In the Guardian's Comment is free belief section (7 January 2011), Imaduddin Ahmed asks whether an Islamic approach to banking might have prevented the financial crisis that we find ourselves in:
"Imagine a world without a financial crisis. No moral hazard, so brokers won't sell mortgages without carrying out appropriate credit checks. Imagine banks not deliberately selling complex derivatives, knowing that they will be worthless. No short-selling speculation, so companies tinkering on the edge won't be pushed over. Imagine a world with Islamic finance.
"The practices that caused the financial crisis would not have passed muster with sharia boards – committees of religiously inspired legal scholars who conduct a religious audit of a bank's activities. Neither the securitisation of sub-prime loans nor credit-default swaps are acceptable in Islamic finance," says Ibrahim Warde, author of Islamic Finance in the Global Economy and a professor at Tufts University.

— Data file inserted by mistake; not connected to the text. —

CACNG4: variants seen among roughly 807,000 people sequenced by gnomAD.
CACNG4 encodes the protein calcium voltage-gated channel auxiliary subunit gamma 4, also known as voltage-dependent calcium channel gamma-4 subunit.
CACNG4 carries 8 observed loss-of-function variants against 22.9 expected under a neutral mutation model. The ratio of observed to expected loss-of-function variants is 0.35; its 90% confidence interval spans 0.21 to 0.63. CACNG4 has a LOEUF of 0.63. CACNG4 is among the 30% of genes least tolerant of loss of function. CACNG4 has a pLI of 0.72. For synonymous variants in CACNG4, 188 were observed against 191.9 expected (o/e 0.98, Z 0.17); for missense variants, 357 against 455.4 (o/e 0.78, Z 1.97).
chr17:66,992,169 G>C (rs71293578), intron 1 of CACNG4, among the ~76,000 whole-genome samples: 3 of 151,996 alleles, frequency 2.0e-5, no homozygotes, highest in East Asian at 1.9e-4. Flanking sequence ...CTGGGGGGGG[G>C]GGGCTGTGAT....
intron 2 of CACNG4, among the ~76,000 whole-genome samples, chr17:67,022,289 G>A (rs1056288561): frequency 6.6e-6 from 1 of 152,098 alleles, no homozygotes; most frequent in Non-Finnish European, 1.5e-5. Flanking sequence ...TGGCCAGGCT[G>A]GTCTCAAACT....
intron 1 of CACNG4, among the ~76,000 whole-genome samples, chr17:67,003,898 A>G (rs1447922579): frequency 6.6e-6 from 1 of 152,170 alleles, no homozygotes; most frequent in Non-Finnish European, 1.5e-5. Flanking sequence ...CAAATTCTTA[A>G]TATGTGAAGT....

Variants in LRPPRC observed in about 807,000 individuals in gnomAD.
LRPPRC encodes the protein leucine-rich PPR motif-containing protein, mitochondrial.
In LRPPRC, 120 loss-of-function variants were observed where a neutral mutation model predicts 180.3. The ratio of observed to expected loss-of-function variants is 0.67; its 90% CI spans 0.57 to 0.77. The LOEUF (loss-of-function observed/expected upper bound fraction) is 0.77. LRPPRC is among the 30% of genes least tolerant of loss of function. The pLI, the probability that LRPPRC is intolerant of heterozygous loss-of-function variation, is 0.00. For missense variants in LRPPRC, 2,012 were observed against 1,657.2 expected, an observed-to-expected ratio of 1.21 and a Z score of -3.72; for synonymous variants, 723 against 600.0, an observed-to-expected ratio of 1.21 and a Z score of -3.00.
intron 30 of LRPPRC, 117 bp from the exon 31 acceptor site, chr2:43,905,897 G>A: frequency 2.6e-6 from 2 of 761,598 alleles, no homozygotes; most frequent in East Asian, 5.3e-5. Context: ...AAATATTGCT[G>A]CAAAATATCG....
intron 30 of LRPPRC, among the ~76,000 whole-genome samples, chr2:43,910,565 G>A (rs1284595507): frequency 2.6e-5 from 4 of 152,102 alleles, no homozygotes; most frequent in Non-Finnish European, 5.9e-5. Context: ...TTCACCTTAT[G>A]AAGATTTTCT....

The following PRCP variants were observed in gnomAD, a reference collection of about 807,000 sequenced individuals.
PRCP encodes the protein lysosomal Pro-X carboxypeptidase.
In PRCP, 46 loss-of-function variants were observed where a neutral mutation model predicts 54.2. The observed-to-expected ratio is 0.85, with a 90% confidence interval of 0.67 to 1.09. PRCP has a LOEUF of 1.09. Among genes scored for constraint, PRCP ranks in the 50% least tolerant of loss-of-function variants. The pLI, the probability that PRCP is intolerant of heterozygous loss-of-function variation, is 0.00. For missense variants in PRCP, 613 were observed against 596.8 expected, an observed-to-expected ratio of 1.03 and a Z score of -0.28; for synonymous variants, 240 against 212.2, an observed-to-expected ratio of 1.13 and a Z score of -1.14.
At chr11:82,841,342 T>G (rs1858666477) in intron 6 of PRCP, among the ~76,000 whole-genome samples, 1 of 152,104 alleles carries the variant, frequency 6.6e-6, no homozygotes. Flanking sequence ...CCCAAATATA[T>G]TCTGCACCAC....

"Similarly, negative Islamic attitudes towards short-selling were vindicated by the role short-selling played in many aspects of the crisis and subsequent limits placed on short-selling in London and New York. Some old-fashioned principles such as the distrust of excessive leverage and of open-ended innovation proved well founded. As for the systematic vetting of new products by sharia advisers, it could be looked at as a system of checks and balances, a useful corrective to the groupthink that had overtaken conventional finance."
Islamic finance extends beyond its well-known characteristics: interest-free banking and the prohibition of investment in items or activities deemed un-Islamic, such as prostitution, gambling, pornography, pig farming and alcohol. In contrast to conventional loans, Islamic bank loans are confined to financing the purchase of physical assets, to which they have recourse in case of default."
You can read the full article here.